“If an employee has a problem at home, they’re going to have a problem at work,” McAfee said.
It’s not uncommon for employees to bring relationship issues to the office, McAfee said. Lately, childcare has become a larger issue for employees. McAfee said he tells all his employees with children to keep back-ups at all times for their childcare needs.
Jim Cunningham, owner of Trusted Plumbing and Heating in Renton, Washington, offered an extreme solution to one of his employees when the pandemic shut down local schools. Cunningham let her bring her daughter into the office, set up a school desk, and take her classes there several days a week.
HVAC technicians often face an uncertain work schedule. Some of this comes from having to perform emergency service calls. McAfee offers 24-hour service and always has someone on call.
“On-call can be stressful for anyone, because you are working throughout the night and you have to work the next day,” McAfee said.
Technicians who do respond to an afterhours call start later the next day, he said. Some firms have done away with 24-hour service, at least partially. Flame Furnace in Warren, Michigan, only offers afterhours service during the winter. Other firms only provide it for comfort club members.
Technicians often share their customers’ anxiety when they face the prospect of spending a large amount of money to either fix or replace an HVAC system. A study of 700 homeowners by finance provider Hometap found more than half consider anticipated home repairs extremely stressful. McAfee said the technicians share their customers’ concerns and worry about directing them into a decision they will later regret.
Dealing with traffic is another major source of stress for people. Of course, HVAC technicians have to drive throughout the day. McAfee said investing in software helps reduce windshield time and, as a result, stress. The software groups appointments so most are within the same geographic area.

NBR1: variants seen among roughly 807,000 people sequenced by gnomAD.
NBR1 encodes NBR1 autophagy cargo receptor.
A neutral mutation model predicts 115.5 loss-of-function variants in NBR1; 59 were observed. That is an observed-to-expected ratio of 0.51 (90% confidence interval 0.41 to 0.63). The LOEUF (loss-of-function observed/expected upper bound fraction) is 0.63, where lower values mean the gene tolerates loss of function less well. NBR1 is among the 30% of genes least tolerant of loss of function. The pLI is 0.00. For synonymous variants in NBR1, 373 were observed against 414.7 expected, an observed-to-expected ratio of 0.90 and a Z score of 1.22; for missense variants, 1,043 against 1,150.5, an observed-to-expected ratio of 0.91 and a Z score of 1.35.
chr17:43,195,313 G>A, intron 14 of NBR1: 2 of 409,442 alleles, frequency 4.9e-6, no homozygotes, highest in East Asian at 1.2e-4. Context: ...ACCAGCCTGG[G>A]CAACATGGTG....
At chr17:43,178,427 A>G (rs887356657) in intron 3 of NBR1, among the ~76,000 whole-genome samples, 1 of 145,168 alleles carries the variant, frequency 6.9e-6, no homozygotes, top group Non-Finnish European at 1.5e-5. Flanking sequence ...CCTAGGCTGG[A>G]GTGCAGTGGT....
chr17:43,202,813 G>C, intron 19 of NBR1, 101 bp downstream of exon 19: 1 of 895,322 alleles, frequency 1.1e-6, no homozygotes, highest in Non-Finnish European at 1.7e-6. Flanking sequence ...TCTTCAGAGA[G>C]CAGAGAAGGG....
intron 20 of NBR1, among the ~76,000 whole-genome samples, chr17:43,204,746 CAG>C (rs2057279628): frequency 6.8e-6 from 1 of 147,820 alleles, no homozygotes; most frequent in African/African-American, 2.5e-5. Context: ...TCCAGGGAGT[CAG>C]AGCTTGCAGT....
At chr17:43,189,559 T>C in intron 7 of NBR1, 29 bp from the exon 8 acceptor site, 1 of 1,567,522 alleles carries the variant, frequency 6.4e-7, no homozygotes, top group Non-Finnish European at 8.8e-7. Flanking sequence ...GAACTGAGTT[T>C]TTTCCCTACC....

Some stress is unavoidable and people need to find ways to cope with that. Exercise is one solution. McAfee pays for half of his employees’ membership at the local YMCA. Other firms offer on-site gyms and some host yoga classes at their offices.
One of the best cures for stress is sleep. Several studies have found a direct link between levels of stress and how well-rested a person is. Abe Zarou, owner of AllTech Services Inc. in Sterling, Virginia, has gone so far as installing sleep pods in his company’s office so employees can take a nap during a long workday.
Emotional well-being also plays a critical role. That’s why McAfee said HVAC contractors need to recognize their employees’ efforts and deliver public praise for a job well done.
As a business owner, McAfee faces the most pressure each day. But he said 31 years in business and several years in the Marine Corps have prepared him to deal with most situations. Recently, the walls collapsed at a new facility McAfee was building. There has been more than one morning when he arrived at the office to find a technician’s truck in the lot with the keys and a resignation letter inside. McAfee said he just cleans out the truck, divvies up that day’s work, and moves on.
“It takes multiple things to get me stressed out,” McAfee said. “The more confidence you have as a leader, the more it takes to stress you out.”